As you've seen, you can add more than one field to the Row Labels and Column Labels boxes. You can use the same technique to add multiple fields to the Values box. When you do, each field is calculated and shown on the pivot table, in a separate column (as shown in Figure 21-16).
You could decide to show the total for the Quantity field and the average of the Unit Price field. To do so, drag both fields into the Values box. Then, follow the steps on this page to configure the type of calculation that's performed for each field.
You can also use this technique to perform multiple calculations with the same field. If you want to average and total the Quantity field, drag the Quantity field into the Values box twice. You'll end up with two separate items, which you can configure separately.
Tip: These column headings that are used for data values can use up some valuable space. To get narrower columns , you can apply a shorter custom column name. To do so, click the field in the Values box, and then choose Value Field Settings. In the Value Field Settings dialog box, enter a new field name in the Custom Name box.
21.4.2. Adding a Calculated Field
Using the pivot tables you've learned about so far, you can perform a variety of operations on any field, including averages, sums, and other preset calculations. But what if you want to branch out a little further and create a custom calculation? You could alter the source data and add a new column containing your calculation, and then recreate the pivot table. But Excel provides a much easier option by letting you define a calculated field.
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Figure 21-16. When your pivot table contains multiple values, they appear in different columns with headings like "Sum of Quantity" and "Average of Unit Price."
The following steps show how to create a calculated field within a pivot table. Using these steps, you can modify a pivot table that shows a list of orders so that it totals the amount of revenue generated instead of just adding up the number of units shipped.
Move anywhere inside the pivot table .
Choose PivotTable Tools Options Tools Formulas Calculated Field .
The Insert Calculated Field dialog box appears (as shown in Figure 21-17).
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Figure 21-17. Here, Excel creates a new field named Revenue to calculate how much money is being made on any given order. To arrive at the total revenue, the Unit Price field is multiplied by the Quantity field.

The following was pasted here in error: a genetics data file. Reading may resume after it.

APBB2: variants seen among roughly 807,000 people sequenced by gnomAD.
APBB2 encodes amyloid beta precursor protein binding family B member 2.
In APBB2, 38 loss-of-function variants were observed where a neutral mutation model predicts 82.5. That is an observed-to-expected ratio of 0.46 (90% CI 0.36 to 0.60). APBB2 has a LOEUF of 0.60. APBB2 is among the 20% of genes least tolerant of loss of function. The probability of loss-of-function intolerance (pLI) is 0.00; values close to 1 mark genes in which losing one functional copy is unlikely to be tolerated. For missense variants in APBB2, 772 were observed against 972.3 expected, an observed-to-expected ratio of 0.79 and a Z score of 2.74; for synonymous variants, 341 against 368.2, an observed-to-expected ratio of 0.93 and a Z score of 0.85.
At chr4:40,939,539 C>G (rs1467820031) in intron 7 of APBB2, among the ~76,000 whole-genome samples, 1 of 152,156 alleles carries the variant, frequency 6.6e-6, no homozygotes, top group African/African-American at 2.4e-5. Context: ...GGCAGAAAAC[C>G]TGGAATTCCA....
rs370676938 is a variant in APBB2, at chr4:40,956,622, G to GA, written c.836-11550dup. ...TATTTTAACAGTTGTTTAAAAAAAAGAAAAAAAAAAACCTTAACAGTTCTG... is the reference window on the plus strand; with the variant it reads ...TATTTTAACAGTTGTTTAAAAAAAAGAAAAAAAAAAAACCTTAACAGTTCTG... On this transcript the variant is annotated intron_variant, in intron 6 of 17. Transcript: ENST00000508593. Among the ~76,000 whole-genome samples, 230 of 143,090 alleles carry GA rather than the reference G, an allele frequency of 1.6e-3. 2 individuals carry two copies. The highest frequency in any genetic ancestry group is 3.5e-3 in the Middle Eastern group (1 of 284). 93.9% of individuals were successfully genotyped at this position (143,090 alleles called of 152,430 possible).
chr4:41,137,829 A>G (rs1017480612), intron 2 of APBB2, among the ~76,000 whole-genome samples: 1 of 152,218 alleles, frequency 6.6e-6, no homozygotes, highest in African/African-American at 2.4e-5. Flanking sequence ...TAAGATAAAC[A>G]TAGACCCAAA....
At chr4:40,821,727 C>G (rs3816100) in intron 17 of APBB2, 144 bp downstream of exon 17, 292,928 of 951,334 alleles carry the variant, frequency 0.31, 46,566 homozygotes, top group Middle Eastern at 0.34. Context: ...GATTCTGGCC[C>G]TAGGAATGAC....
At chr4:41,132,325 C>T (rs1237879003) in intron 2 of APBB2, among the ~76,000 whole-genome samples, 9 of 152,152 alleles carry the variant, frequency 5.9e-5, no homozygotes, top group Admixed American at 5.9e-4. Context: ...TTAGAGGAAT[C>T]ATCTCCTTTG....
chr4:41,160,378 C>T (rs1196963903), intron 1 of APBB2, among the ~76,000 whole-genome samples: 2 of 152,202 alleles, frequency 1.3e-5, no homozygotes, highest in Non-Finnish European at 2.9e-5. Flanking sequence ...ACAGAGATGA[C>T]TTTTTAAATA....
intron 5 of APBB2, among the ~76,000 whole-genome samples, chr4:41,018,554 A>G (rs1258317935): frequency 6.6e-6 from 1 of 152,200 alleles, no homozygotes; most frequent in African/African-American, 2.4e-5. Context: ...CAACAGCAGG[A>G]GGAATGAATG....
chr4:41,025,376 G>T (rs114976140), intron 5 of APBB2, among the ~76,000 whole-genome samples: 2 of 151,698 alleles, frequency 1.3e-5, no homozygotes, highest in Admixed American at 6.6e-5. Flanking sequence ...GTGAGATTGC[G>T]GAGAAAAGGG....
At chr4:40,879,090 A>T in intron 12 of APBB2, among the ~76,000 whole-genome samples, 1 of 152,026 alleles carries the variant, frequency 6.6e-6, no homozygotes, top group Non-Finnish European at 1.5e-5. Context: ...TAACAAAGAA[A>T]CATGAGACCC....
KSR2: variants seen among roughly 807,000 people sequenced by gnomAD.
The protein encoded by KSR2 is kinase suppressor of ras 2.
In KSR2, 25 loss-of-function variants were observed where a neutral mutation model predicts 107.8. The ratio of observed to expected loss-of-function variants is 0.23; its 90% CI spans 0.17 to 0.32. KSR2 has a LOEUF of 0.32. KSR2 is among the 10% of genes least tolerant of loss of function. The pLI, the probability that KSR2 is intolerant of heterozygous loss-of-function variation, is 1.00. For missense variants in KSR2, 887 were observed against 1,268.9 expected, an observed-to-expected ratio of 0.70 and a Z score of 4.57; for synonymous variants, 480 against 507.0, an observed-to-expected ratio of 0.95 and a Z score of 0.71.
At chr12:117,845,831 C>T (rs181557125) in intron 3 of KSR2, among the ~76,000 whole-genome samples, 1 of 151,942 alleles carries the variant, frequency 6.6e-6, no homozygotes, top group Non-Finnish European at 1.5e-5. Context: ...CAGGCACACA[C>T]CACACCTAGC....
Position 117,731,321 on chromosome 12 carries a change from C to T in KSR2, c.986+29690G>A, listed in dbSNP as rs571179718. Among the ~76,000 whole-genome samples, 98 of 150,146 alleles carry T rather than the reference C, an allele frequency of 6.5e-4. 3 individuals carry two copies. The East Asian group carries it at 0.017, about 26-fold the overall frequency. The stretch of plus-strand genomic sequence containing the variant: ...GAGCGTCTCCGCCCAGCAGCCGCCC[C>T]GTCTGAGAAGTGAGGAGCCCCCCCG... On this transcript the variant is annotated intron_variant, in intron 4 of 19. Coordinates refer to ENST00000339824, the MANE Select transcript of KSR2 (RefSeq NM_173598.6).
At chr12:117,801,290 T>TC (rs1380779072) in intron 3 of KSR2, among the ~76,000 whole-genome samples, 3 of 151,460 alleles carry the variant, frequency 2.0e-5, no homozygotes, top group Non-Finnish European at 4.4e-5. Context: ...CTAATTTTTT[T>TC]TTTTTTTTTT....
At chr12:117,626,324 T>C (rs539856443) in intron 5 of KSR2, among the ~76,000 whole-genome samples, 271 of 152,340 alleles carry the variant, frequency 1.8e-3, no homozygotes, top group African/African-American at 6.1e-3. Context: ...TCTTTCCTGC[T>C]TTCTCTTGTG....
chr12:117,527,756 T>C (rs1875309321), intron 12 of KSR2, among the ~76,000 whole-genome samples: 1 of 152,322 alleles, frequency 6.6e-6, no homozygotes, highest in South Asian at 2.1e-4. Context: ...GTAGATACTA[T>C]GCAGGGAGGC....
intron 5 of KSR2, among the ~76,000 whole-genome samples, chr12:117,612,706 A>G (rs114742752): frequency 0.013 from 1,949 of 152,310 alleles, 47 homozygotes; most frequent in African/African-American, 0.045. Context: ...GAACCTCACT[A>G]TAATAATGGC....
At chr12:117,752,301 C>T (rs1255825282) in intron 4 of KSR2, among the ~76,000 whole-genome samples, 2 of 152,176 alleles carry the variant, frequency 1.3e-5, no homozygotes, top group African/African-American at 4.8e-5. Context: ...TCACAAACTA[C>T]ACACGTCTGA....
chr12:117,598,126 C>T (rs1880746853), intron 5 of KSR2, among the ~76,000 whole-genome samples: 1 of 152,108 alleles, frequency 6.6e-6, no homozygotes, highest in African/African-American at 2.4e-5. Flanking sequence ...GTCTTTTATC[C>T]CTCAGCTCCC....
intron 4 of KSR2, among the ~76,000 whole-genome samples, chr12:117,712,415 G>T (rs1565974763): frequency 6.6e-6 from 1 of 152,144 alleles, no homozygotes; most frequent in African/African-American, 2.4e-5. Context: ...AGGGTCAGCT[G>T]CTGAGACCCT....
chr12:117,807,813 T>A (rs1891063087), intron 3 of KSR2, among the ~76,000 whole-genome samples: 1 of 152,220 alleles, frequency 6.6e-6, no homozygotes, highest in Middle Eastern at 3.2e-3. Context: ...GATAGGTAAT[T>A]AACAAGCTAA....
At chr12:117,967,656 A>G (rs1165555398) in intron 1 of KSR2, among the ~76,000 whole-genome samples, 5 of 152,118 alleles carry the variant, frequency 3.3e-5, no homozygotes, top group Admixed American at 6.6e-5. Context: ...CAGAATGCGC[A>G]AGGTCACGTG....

Enter a name for the new field in the Name text box .
In this case, the new name is Revenue.
Enter the formula this field uses in the Formula text box .
(This is a standard Excel formula that modifies one or more of the other fields, which are provided in the Fields list.)
Your formula can use Excel's built-in functions, or you can enter a formula that alters or combines one or more of the fields that are in the Fields list. The new Revenue field calculates the total revenue generated by multiplying the price of the item by the quantity purchased. It uses the following formula:
='Unit Price'* Quantity.
Note that field names that include spaces or special characters , like Unit Price, need to be enclosed in apostrophes. If you're in any doubt, double-click the field name in the list to have Excel insert it into the Formula text box with apostrophes if they're necessary.
Click OK .
Excel automatically adds the calculated field to the PivotTable Field List pane and then inserts it in the Values box, so that it appears in the pivot table (Figure 21-18).
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Figure 21-18. The worksheet now shows the total revenue by category and customer country.
As with any other numeric field, Excel assumes you want to perform a sum calculation that totals up your formula for every row. If you want to perform a different calculation, you can customize your field as described in the previous section.
Note: Even if you drag your custom field out of the Values box to remove it from the pivot table, it remains in the field list. If you want, you can drag it back to the Values box later on.